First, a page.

Opposition parties claim they have evidence of irregularities, including ballot box tampering, broken seals and extra materials in boxes.

The leader of the Sodelpa party, Ro Teimumu Kepa, says a bipartisan, independent parliamentary inquiry needs to be launched into aspects of the election, where the public can be given the opportunity to come forward and give evidence.

“This will be the first test of transparency and accountability for the Bainimarma government. If their victory is legitimate then they have nothing to fear from such an inquiry.”

Ro Teimumu Kepa says the evidence is being collated into a report for the National Executive Committee.

A preliminary report by the multinational observer group has said the elections were credible.

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Could Murray McCully sort out his idiot department over Fiji please

Fiji has had the election that was promised, it was declared free and fair by international observers but still New Zealand continues to insult Fiji via MFaT.

Frank Bainimarama has been sworn in after being democratically elected and still MFaT is meddling with advisories.

On MFaT’s Safe Travel website they state:

Fiji

And these words of warning:

Some government departments and statutory authorities are still headed by ex-military personnel.  The government also has a degree of influence over the judiciary and some media outlets remain cautious about reporting anti-government views.

The security situation in Fiji is currently stable, however the elections and process of formation of a new government may result in increased political tensions. New Zealand citizens throughout Fiji are advised to be security conscious at all times and to avoid any demonstrations, large gatherings and areas of military activity.

What a load of horse shit. Frankly that is insulting.  Read more »

Bainimarama sworn in as Fiji PM

 Photo/ Cam Slater, Whaleoil Media

Photo/ Cam Slater, Whaleoil Media

The election is finally over in Fiji and Fiji First won 32 out of 50 seats, with nearly 60% of the vote.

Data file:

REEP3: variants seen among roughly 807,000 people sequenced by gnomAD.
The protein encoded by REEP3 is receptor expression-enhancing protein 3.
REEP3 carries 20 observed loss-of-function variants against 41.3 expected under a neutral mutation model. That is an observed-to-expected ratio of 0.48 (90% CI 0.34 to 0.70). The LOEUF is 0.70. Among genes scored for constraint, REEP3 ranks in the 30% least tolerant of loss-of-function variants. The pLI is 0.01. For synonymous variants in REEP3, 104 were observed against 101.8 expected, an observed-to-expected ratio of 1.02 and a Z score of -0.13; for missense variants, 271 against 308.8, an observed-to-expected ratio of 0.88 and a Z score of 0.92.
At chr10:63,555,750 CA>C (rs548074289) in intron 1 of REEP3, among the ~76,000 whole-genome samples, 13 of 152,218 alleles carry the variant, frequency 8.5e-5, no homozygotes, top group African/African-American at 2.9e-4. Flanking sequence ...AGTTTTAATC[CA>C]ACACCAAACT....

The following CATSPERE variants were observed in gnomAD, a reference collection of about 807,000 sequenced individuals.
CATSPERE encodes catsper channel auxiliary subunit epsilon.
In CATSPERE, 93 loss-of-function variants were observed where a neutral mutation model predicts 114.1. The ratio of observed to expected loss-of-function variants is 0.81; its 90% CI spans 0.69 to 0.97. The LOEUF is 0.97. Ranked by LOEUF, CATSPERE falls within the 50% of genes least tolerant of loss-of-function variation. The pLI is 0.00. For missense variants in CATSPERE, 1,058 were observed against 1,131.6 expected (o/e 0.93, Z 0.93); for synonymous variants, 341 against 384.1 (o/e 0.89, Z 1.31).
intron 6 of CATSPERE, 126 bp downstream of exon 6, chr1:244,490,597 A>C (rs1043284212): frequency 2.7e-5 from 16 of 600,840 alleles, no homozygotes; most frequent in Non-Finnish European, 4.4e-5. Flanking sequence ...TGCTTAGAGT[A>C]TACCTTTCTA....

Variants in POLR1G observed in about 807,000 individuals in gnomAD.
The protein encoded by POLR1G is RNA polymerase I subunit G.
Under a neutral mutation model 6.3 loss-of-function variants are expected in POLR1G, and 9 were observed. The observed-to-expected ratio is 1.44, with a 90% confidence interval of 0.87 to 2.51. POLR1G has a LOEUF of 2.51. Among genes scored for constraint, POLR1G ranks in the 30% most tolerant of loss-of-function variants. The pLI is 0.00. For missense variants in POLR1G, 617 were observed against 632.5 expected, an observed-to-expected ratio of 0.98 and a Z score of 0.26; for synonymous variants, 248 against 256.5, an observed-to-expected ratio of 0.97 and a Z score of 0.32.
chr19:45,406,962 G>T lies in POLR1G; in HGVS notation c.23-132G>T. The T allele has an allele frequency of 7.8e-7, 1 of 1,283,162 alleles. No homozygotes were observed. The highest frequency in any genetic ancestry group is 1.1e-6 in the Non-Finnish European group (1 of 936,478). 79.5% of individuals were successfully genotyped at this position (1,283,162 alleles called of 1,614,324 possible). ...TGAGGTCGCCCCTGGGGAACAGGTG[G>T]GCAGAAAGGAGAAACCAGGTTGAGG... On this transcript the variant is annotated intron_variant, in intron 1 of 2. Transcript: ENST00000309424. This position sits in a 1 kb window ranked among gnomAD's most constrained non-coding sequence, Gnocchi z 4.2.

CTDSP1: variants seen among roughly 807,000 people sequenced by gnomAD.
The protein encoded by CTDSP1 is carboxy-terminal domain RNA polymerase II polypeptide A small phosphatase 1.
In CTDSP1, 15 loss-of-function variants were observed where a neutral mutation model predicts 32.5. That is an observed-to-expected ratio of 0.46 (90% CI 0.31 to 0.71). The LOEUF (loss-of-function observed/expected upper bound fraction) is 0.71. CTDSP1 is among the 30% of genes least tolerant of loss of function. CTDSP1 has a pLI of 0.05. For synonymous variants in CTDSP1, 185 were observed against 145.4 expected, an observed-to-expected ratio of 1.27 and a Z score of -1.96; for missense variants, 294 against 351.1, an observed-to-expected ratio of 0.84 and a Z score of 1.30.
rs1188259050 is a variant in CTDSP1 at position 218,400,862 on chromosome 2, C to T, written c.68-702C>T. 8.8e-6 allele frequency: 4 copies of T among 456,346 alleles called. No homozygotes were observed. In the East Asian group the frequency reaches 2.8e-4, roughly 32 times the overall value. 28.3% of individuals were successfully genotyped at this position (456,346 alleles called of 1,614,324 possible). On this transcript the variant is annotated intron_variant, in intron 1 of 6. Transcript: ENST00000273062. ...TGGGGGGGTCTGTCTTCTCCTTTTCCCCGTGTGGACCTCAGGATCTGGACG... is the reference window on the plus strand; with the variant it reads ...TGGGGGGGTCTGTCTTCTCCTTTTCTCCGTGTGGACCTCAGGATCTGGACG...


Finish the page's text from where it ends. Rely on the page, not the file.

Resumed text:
Frank Bainimarama has been sworn in.

Fiji’s former military ruler was sworn in as prime minister after winning 60 percent of the vote in the South Pacific nation’s first elections since he seized power eight years ago.

Fiji, a tropical archipelago about 3,200 km (2,000 miles) east of Australia, has suffered four coups since 1987, the latest in 2006 led by former army chief Voreqe “Frank” Bainimarama, whose Fiji First Party will hold a wide majority 32 of the 50 seats in the new parliament.

Wednesday’s election was broadly praised by a 92-member international observer group, despite opposition accusations of fraud and allegations the regime had used its control of state media to boost Bainimarama’s campaign and ignore opponents.

“I will serve the country as the prime minister of all Fijians,” Bainimarama told Reuters following a swearing-in ceremony at Government House in the capital, Suva.

The election has been closely watched by neighbours Australia and New Zealand, the region’s economic and diplomatic power houses, eager to welcome the country back to the fold of normal relations after eight years of isolation.

Some diplomats I spoke to in Fiji were hoping there would be a thaw in relations with NZ.

That is unlikely.

Fijians are very upset over the way they have been treated by the NZ and Australian governments.

Fiji has made new friends now….ones we let in the door with our intransigence.

The country now has emphatically rejected the racism of the past, and has embarked on a new beginning.

 

– Fairfax

The social media election? Yeah, Nah

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Callum Valentine – Social Media “genius”

This election was billed as the social media election by  many pundits, and some political parties.

The Internet party in particular banked their success on social media.

Kim Dotcom and his little band of failures including Callum Valentine, a supposed social media genius, all told us that their much vaunted apps would secure them victory.

They also told us that their masses of Facebook likes and Twitter followers were going to get them over the line.